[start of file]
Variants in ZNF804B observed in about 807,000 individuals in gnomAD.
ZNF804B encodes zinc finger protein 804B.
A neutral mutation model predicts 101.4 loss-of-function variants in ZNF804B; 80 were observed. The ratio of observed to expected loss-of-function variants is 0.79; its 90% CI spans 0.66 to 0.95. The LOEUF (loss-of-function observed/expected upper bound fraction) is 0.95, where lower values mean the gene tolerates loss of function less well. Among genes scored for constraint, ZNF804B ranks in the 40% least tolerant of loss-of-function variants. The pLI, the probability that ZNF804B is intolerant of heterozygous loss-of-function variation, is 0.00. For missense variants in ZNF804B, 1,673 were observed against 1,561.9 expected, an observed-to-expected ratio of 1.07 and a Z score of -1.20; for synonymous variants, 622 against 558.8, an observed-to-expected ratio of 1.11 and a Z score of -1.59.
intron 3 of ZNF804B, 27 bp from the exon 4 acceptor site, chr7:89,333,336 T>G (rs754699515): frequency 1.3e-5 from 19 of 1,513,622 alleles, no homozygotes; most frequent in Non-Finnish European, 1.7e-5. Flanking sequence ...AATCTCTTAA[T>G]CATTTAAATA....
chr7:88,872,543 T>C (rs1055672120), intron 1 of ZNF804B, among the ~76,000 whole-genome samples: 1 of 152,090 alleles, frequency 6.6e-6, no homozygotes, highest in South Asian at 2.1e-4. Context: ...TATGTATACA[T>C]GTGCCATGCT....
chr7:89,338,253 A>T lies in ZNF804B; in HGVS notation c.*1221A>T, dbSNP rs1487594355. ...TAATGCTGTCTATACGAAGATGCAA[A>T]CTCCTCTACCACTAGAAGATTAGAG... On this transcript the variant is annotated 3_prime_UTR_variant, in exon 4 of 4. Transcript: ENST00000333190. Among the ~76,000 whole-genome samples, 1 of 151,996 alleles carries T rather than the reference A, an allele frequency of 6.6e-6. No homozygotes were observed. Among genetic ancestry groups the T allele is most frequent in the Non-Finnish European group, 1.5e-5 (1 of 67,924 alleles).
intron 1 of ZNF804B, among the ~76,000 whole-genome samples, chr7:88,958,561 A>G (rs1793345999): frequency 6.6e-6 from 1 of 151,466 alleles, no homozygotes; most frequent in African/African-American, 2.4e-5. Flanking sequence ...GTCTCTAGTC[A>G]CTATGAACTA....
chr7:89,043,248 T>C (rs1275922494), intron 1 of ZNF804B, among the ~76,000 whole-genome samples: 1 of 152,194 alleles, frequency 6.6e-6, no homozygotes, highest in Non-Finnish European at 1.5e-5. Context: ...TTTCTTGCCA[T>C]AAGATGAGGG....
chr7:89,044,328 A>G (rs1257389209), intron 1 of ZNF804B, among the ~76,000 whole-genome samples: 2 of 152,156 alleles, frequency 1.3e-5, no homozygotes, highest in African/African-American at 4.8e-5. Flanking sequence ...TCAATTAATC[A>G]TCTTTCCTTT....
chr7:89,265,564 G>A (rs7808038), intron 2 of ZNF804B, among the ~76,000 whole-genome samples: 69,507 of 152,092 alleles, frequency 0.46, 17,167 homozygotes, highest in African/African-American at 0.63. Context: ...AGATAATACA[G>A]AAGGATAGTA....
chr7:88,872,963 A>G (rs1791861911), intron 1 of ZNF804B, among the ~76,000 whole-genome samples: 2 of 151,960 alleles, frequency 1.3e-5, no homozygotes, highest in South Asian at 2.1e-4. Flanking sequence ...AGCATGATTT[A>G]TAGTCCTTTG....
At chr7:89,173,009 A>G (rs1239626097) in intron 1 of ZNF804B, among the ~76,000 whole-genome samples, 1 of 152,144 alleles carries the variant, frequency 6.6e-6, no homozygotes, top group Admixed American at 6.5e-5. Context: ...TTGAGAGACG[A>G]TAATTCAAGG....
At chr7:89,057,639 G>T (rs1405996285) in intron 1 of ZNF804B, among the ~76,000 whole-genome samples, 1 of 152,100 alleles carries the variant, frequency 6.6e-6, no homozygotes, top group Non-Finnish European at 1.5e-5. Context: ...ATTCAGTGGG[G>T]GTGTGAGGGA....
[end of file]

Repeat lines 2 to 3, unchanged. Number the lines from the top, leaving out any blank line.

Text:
ZNF804B encodes zinc finger protein 804B.
A neutral mutation model predicts 101.4 loss-of-function variants in ZNF804B; 80 were observed. The ratio of observed to expected loss-of-function variants is 0.79; its 90% CI spans 0.66 to 0.95. The LOEUF (loss-of-function observed/expected upper bound fraction) is 0.95, where lower values mean the gene tolerates loss of function less well. Among genes scored for constraint, ZNF804B ranks in the 40% least tolerant of loss-of-function variants. The pLI, the probability that ZNF804B is intolerant of heterozygous loss-of-function variation, is 0.00. For missense variants in ZNF804B, 1,673 were observed against 1,561.9 expected, an observed-to-expected ratio of 1.07 and a Z score of -1.20; for synonymous variants, 622 against 558.8, an observed-to-expected ratio of 1.11 and a Z score of -1.59.